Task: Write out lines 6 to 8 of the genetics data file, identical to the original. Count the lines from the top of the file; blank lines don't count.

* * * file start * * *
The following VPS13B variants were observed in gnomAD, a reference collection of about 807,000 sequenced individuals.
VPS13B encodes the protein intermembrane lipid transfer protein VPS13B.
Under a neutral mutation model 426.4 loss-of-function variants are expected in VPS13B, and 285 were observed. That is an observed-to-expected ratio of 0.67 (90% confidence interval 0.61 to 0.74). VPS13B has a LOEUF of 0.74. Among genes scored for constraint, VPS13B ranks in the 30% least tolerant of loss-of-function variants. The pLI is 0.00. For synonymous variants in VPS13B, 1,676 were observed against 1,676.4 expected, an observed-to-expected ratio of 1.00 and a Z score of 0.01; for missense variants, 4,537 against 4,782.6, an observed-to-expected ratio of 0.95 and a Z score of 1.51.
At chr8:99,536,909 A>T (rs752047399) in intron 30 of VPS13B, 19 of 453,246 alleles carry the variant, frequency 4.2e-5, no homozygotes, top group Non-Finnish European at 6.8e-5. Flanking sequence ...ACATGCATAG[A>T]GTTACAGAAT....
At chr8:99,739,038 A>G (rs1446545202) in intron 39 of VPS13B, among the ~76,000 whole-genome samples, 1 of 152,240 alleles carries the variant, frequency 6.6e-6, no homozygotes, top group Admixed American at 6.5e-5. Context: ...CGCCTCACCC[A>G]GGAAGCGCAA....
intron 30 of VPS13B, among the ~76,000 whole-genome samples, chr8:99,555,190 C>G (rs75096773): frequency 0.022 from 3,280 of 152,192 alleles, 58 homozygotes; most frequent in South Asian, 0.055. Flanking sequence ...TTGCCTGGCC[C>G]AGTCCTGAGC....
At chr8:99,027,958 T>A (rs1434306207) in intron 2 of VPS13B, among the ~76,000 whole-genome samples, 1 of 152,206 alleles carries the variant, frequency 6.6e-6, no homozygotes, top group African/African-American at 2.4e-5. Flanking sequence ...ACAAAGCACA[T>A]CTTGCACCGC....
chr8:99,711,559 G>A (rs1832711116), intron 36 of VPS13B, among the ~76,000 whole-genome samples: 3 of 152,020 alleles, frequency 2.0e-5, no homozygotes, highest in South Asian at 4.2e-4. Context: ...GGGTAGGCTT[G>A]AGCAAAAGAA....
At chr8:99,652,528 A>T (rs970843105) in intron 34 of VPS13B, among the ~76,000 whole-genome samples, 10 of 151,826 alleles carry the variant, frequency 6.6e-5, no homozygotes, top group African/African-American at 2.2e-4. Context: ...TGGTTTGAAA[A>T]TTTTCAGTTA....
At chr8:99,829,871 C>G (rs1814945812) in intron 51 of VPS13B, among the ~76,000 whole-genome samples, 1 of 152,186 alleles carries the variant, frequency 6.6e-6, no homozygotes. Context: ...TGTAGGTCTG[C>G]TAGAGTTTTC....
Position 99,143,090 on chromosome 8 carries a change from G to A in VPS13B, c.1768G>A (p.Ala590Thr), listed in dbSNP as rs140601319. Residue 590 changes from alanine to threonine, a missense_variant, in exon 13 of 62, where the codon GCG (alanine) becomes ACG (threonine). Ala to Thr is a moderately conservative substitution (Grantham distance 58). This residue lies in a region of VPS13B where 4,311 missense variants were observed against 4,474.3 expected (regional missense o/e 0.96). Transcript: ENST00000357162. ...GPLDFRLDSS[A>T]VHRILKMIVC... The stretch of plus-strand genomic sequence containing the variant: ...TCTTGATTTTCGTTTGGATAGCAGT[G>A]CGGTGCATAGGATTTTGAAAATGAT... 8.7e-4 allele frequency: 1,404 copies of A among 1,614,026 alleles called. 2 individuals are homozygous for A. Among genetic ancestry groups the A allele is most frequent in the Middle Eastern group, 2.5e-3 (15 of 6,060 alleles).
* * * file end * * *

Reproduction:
intron 30 of VPS13B, among the ~76,000 whole-genome samples, chr8:99,555,190 C>G (rs75096773): frequency 0.022 from 3,280 of 152,192 alleles, 58 homozygotes; most frequent in South Asian, 0.055. Flanking sequence ...TTGCCTGGCC[C>G]AGTCCTGAGC....
At chr8:99,027,958 T>A (rs1434306207) in intron 2 of VPS13B, among the ~76,000 whole-genome samples, 1 of 152,206 alleles carries the variant, frequency 6.6e-6, no homozygotes, top group African/African-American at 2.4e-5. Flanking sequence ...ACAAAGCACA[T>A]CTTGCACCGC....
chr8:99,711,559 G>A (rs1832711116), intron 36 of VPS13B, among the ~76,000 whole-genome samples: 3 of 152,020 alleles, frequency 2.0e-5, no homozygotes, highest in South Asian at 4.2e-4. Context: ...GGGTAGGCTT[G>A]AGCAAAAGAA....